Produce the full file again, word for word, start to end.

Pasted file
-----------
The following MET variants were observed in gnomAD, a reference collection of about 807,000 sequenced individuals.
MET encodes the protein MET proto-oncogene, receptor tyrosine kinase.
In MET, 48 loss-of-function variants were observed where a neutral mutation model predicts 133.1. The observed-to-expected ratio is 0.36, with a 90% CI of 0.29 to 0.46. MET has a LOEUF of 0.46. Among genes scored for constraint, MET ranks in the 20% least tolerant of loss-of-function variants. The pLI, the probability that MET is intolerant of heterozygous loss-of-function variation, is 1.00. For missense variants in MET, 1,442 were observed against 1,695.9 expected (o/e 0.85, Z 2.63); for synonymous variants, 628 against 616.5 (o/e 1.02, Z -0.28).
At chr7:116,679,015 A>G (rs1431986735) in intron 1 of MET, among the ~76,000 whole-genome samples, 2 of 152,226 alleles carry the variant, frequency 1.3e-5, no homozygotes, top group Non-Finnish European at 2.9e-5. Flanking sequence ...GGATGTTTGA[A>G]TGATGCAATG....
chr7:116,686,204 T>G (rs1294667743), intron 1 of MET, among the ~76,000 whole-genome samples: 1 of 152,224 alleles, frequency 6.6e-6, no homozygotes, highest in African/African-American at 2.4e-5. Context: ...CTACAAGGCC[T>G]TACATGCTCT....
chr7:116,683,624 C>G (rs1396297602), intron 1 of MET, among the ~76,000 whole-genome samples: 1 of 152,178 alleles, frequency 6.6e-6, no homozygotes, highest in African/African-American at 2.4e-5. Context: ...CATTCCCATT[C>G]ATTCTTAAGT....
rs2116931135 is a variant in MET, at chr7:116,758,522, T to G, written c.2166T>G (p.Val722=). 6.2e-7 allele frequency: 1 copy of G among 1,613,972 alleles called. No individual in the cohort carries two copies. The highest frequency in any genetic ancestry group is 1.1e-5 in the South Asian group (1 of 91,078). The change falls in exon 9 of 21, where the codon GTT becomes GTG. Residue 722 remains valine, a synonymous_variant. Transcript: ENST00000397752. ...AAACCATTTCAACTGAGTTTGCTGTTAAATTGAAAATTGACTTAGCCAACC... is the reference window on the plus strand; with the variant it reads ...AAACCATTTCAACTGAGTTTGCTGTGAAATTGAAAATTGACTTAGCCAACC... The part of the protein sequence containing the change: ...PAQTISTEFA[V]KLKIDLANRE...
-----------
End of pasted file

The following MET variants were observed in gnomAD, a reference collection of about 807,000 sequenced individuals.
MET encodes the protein MET proto-oncogene, receptor tyrosine kinase.
In MET, 48 loss-of-function variants were observed where a neutral mutation model predicts 133.1. The observed-to-expected ratio is 0.36, with a 90% CI of 0.29 to 0.46. MET has a LOEUF of 0.46. Among genes scored for constraint, MET ranks in the 20% least tolerant of loss-of-function variants. The pLI, the probability that MET is intolerant of heterozygous loss-of-function variation, is 1.00. For missense variants in MET, 1,442 were observed against 1,695.9 expected (o/e 0.85, Z 2.63); for synonymous variants, 628 against 616.5 (o/e 1.02, Z -0.28).
At chr7:116,679,015 A>G (rs1431986735) in intron 1 of MET, among the ~76,000 whole-genome samples, 2 of 152,226 alleles carry the variant, frequency 1.3e-5, no homozygotes, top group Non-Finnish European at 2.9e-5. Flanking sequence ...GGATGTTTGA[A>G]TGATGCAATG....
chr7:116,686,204 T>G (rs1294667743), intron 1 of MET, among the ~76,000 whole-genome samples: 1 of 152,224 alleles, frequency 6.6e-6, no homozygotes, highest in African/African-American at 2.4e-5. Context: ...CTACAAGGCC[T>G]TACATGCTCT....
chr7:116,683,624 C>G (rs1396297602), intron 1 of MET, among the ~76,000 whole-genome samples: 1 of 152,178 alleles, frequency 6.6e-6, no homozygotes, highest in African/African-American at 2.4e-5. Context: ...CATTCCCATT[C>G]ATTCTTAAGT....
rs2116931135 is a variant in MET, at chr7:116,758,522, T to G, written c.2166T>G (p.Val722=). 6.2e-7 allele frequency: 1 copy of G among 1,613,972 alleles called. No individual in the cohort carries two copies. The highest frequency in any genetic ancestry group is 1.1e-5 in the South Asian group (1 of 91,078). The change falls in exon 9 of 21, where the codon GTT becomes GTG. Residue 722 remains valine, a synonymous_variant. Transcript: ENST00000397752. ...AAACCATTTCAACTGAGTTTGCTGTTAAATTGAAAATTGACTTAGCCAACC... is the reference window on the plus strand; with the variant it reads ...AAACCATTTCAACTGAGTTTGCTGTGAAATTGAAAATTGACTTAGCCAACC... The part of the protein sequence containing the change: ...PAQTISTEFA[V]KLKIDLANRE...